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Quarterly Letter to Clients
Indices at quarter-end (June 30, 2006):
Dow Jones Industrials: 11,150.22 2Q'06 +0.37% YTD +4.05%
Standard & Poor's 500: 1,270.20 2Q'06 -1.90% YTD +1.76%
A recent political cartoon shows a huge wall being built: it is labeled “U. S. Border”. In the middle of the wall is a sizeable door, bright red, wide open, labeled “Service Entrance”.
But enough of levity. Let’s get down to business.
It all started out pretty good. The markets were nicely higher going into the second quarter, with the Dow Industrials even approaching the all-time high made back in 2000. But then, one week in June, everything changed. There was a widespread tumble, with indices around the world registering a sharp markdown. Japan, India and Russia saw single-day declines that ranged from 5% to 10%; some "emerging" markets showed losses for a one-week period of 30%. While here at home we had a little bounce back, the last few weeks of the quarter were marked by extreme volatility, and all of the gains that U. S. stocks had made from January to May were wiped out, leaving the principal averages only slightly positive by quarter’s end.
The financial press laid it to “interest rate fears”, as if such concerns have not been with us through the prior sixteen consecutive rate hikes. More likely the fear is of the unknown character of the new Fed chief, Ben Bernanke. The Fed did lift rates (number 17), but hinted that its policy of raising may be near an end. That posture was the immediate cause of the market's sharp rise in the last few days of the period.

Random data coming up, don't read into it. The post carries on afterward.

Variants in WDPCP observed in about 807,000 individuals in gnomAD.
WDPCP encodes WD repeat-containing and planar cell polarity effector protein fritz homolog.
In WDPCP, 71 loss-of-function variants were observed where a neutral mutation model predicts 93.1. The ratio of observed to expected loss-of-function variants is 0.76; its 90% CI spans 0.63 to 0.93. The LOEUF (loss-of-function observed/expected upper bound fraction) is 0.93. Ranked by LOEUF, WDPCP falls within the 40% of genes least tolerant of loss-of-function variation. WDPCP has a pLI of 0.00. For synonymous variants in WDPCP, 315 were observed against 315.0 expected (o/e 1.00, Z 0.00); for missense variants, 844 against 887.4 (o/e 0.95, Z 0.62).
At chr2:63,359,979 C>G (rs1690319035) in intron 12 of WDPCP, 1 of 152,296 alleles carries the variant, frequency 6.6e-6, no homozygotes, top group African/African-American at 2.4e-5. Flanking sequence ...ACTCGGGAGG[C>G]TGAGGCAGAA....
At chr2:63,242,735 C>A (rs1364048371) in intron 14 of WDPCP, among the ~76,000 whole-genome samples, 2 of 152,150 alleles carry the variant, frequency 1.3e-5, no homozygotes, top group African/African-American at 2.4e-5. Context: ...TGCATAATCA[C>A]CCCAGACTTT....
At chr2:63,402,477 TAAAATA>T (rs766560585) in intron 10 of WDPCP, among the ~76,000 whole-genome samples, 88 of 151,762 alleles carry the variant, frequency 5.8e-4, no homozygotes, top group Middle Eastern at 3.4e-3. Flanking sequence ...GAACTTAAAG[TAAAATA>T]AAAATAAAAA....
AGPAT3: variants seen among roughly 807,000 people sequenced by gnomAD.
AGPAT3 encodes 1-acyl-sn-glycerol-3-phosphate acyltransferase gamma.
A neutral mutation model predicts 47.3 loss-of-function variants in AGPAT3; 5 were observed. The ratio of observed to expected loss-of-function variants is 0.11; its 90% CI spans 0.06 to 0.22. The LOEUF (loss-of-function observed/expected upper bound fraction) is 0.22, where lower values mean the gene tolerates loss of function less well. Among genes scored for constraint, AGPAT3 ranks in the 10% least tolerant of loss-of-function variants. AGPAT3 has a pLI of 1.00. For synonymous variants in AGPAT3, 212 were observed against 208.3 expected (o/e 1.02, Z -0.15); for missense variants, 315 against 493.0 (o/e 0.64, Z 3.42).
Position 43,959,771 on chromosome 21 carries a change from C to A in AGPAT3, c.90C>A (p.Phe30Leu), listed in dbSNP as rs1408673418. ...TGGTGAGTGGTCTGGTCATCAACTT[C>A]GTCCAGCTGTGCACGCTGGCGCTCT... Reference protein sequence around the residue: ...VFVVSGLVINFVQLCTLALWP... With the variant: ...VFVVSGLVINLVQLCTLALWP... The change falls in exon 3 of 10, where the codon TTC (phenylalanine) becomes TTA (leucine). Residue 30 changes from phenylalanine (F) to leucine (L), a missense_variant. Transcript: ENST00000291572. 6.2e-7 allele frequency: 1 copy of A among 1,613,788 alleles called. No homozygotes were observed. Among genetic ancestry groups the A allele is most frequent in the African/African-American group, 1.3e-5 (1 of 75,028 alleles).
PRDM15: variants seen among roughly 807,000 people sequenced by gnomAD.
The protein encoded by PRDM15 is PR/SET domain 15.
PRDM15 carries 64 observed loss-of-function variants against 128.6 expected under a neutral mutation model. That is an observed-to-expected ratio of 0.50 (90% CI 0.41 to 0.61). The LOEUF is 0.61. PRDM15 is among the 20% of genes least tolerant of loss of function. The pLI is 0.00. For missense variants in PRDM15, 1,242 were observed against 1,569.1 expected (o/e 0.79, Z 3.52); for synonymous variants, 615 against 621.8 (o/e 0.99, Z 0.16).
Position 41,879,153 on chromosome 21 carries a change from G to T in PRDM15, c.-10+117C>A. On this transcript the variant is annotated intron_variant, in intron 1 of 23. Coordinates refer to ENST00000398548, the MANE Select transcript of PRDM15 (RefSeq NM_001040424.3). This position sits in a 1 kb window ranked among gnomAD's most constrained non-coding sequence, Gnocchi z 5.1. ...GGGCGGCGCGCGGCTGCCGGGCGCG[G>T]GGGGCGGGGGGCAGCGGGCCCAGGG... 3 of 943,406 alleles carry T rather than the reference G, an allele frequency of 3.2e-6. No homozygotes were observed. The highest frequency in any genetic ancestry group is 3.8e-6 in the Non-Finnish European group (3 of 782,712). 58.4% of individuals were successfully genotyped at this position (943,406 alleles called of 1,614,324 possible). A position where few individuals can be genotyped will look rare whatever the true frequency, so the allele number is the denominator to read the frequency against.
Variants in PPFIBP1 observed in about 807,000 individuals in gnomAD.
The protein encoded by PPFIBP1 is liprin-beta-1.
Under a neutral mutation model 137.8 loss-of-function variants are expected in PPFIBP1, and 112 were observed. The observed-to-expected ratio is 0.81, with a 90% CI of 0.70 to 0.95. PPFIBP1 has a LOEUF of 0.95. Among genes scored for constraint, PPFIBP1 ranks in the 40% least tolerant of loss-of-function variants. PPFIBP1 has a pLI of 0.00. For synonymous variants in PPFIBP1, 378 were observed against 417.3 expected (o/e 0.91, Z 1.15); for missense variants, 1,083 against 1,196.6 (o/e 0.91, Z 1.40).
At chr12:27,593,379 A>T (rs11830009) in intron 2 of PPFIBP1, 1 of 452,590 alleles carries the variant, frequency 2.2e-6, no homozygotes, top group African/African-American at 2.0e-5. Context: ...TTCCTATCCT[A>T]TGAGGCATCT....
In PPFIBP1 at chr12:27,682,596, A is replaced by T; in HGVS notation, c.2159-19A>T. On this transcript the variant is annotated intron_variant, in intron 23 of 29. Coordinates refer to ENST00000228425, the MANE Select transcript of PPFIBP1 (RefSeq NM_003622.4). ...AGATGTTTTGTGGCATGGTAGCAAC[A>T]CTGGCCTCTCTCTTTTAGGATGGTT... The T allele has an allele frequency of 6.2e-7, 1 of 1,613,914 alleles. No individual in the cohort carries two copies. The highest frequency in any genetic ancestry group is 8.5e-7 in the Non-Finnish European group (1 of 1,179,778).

Various commodities, which had been on a tremendous tear, also hit the wall, with gold at one point falling nearly $200 from its peak, and silver and copper coming smartly off their highs. Oil, bucking the trend, remained stubbornly near $70.
What was so different in June versus May? I would posit that it was nothing more than psychology. The markets, especially the commodity markets, had simply run too far too fast. They needed a break, and they got one. Perhaps we’re just setting up for a nice summer rally. Let’s hope.
The seventeen consecutive quarter-point raises the Fed has imposed have brought the Fed Funds target from a low of 1% to its current level of 5.25%. And still the effect on the bond market has been minimal. Rates on Treasuries and top-quality corporates remain stubbornly low and the yield curve frustratingly flat.
Liquidity is high in the U.S. and in the rest of the world as well, and will remain so as long as we continue to spend money that we don’t have. Our nation’s chronic budget and trade deficits, have, in my opinion, financed a worldwide economic expansion. At the same time they threaten the value of our dollar (here you can read: inflation).
I believe it is just this fear of inflation that has pressured the markets. For quite some time now the investment community has been cavalier about inflation. In private conversation it has been hard to find anyone who believes the government’s inflation figures, but as far as investment activity, the declining dollar has simply not been a factor. Now we have added it to the litany of economic problems. Perhaps it will turn out to be just one more problem that we can continue to ignore.
A slowing economy is widely expected, and while we may now be seeing signs of it beginning, it does not appear to be more than a normal, moderate, cyclical shift. After six years of lackluster performance in the stock market, one cannot have expectations of a roaring bull market cropping up anytime soon. Single digit gains are what we should look for, and be satisfied that they are on the positive side of the ledger. Eventually this malaise will pass and we will be rewarded with higher prices.
I remain somewhat positive about the remainder of the year. As always, caution and patience will be valuable assets. As cash accumulates in your accounts, I will employ it with my characteristic, conservative methods.
copyright © 2006 JPIC